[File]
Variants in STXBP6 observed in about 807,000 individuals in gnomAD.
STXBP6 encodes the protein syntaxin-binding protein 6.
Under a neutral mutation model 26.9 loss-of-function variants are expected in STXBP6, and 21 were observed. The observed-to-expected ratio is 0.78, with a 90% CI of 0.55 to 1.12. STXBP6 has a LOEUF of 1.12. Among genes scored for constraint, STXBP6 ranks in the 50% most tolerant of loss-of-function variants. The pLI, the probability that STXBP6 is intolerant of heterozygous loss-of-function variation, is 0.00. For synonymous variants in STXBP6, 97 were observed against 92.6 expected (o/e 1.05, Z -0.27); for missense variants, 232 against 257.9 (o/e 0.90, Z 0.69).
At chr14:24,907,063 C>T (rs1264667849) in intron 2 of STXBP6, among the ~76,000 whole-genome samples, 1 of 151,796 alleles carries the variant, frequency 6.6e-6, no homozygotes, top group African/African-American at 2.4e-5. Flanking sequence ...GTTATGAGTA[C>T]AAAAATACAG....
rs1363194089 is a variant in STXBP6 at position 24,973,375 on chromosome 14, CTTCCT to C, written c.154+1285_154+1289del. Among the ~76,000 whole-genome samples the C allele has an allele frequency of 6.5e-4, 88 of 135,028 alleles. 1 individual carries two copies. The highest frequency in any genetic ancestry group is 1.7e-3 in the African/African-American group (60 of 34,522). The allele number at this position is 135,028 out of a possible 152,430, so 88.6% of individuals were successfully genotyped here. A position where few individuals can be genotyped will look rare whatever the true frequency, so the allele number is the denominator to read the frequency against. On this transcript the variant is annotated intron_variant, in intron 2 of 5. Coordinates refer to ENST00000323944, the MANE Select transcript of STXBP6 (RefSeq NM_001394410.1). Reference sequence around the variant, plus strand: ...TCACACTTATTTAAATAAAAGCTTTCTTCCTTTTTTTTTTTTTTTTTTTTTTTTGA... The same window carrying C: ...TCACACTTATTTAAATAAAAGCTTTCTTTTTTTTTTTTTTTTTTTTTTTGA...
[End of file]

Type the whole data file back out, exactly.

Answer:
Variants in STXBP6 observed in about 807,000 individuals in gnomAD.
STXBP6 encodes the protein syntaxin-binding protein 6.
Under a neutral mutation model 26.9 loss-of-function variants are expected in STXBP6, and 21 were observed. The observed-to-expected ratio is 0.78, with a 90% CI of 0.55 to 1.12. STXBP6 has a LOEUF of 1.12. Among genes scored for constraint, STXBP6 ranks in the 50% most tolerant of loss-of-function variants. The pLI, the probability that STXBP6 is intolerant of heterozygous loss-of-function variation, is 0.00. For synonymous variants in STXBP6, 97 were observed against 92.6 expected (o/e 1.05, Z -0.27); for missense variants, 232 against 257.9 (o/e 0.90, Z 0.69).
At chr14:24,907,063 C>T (rs1264667849) in intron 2 of STXBP6, among the ~76,000 whole-genome samples, 1 of 151,796 alleles carries the variant, frequency 6.6e-6, no homozygotes, top group African/African-American at 2.4e-5. Flanking sequence ...GTTATGAGTA[C>T]AAAAATACAG....
rs1363194089 is a variant in STXBP6 at position 24,973,375 on chromosome 14, CTTCCT to C, written c.154+1285_154+1289del. Among the ~76,000 whole-genome samples the C allele has an allele frequency of 6.5e-4, 88 of 135,028 alleles. 1 individual carries two copies. The highest frequency in any genetic ancestry group is 1.7e-3 in the African/African-American group (60 of 34,522). The allele number at this position is 135,028 out of a possible 152,430, so 88.6% of individuals were successfully genotyped here. A position where few individuals can be genotyped will look rare whatever the true frequency, so the allele number is the denominator to read the frequency against. On this transcript the variant is annotated intron_variant, in intron 2 of 5. Coordinates refer to ENST00000323944, the MANE Select transcript of STXBP6 (RefSeq NM_001394410.1). Reference sequence around the variant, plus strand: ...TCACACTTATTTAAATAAAAGCTTTCTTCCTTTTTTTTTTTTTTTTTTTTTTTTGA... The same window carrying C: ...TCACACTTATTTAAATAAAAGCTTTCTTTTTTTTTTTTTTTTTTTTTTTGA...